At the time of this writing, I’ve been married over 21 years. I bought this hat in college, prior to getting married, meaning that I’ve owned it for more than 21 years. As you can see, it’s been worn a couple times.
The bill shows signs of wear. A frayed edge; exposed guts; sweat rings; a faded autograph. There’s paint on it. The blues are muted and the whites definitely aren’t white when you set it next to something that is.
I don’t wear it that much anymore. Sometimes I’ll pull it out of the closet and toss it on backwards. The barrelled curve of the bill isn’t as trendy as it used to be, but more than that, it’s a little hard to finagle when wearing with my glasses. I’ve mowed in it. I’ve surfed in it. I’ve rescued it just before sinking to the bottom of the lake on a summer day. I’ve worn it to baseball games. I’ve tucked it under my leg while riding my motorcycle knowing that when I took my helmet off I would want something to hide the craziness of helmet-hair.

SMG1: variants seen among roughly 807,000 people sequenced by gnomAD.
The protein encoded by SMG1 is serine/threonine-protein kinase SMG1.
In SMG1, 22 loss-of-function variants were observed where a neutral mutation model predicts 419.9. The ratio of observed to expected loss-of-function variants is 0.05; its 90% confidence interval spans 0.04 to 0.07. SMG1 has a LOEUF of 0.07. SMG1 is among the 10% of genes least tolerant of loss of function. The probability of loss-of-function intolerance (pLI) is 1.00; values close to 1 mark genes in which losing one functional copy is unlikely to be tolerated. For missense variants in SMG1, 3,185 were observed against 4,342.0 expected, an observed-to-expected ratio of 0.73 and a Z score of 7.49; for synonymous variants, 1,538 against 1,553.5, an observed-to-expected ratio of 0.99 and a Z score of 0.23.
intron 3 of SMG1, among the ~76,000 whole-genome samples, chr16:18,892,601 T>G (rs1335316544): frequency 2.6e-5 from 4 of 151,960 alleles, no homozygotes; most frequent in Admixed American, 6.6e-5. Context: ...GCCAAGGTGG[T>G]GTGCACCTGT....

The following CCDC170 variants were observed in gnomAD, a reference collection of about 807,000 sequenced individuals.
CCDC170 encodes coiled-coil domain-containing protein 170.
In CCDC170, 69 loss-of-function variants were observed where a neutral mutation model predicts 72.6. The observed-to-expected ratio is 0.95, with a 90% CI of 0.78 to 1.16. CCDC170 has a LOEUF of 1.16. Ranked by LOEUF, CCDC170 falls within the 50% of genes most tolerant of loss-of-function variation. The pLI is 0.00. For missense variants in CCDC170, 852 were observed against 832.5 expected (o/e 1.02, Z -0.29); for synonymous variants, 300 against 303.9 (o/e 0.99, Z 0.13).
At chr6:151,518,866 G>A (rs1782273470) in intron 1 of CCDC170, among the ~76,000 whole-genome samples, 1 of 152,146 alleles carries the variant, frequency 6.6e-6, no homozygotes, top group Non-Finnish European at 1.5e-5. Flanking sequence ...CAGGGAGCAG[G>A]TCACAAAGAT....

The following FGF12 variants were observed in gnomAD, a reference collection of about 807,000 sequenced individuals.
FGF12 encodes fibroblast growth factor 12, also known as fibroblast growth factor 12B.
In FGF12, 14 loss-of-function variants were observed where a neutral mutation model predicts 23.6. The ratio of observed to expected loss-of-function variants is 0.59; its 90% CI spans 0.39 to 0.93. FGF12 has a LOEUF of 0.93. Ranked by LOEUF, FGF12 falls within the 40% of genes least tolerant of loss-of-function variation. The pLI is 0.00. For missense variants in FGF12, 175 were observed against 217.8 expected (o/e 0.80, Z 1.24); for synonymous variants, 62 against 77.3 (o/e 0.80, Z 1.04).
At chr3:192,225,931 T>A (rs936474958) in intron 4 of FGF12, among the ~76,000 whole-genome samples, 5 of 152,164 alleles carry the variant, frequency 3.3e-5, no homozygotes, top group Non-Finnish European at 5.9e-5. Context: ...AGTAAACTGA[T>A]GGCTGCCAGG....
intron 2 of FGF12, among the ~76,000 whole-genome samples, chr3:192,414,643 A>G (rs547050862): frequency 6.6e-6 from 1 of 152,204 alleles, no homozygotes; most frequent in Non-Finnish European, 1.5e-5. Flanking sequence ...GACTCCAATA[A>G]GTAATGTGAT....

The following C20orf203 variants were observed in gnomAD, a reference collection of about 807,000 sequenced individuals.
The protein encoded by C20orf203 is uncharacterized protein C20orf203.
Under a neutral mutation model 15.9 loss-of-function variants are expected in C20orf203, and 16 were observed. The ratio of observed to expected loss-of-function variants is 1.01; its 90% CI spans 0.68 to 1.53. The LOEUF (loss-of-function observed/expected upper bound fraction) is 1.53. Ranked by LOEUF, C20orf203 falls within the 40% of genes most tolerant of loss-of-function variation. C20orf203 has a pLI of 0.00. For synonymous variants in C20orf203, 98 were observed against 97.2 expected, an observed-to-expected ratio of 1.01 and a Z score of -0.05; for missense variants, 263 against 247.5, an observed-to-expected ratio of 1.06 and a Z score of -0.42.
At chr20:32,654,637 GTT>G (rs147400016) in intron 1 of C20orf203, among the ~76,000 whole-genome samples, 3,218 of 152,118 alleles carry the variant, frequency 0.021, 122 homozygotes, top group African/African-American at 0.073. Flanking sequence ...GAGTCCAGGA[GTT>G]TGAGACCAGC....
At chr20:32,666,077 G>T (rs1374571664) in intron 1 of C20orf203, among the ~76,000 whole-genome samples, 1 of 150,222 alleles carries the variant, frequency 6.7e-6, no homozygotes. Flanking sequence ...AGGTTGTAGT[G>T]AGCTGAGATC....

On the back, it has a ‘1974’ embroidered on it. It’s a commemorative hat. April 8, 1974 was the day that Hank Aaron hit career home run number 715, passing the mark set by Babe Ruth. Hammerin’ Hanks record (755) stood for another 30 years (and if you ask some purists, still stands today).
The lower case ‘a’ on the front is a throwback to the one worn by the Atlanta Braves in the 70’s. Today’s version is a capital ‘A’, sometimes combined with a tomahawk.
There’s controversy with the name. There’s precedence for change. The Football Team went first and then the Guardians. One has to wonder how much longer before the Braves become the Vipers, or the Pine Trees, or the all encompassing Team of Baseball Players.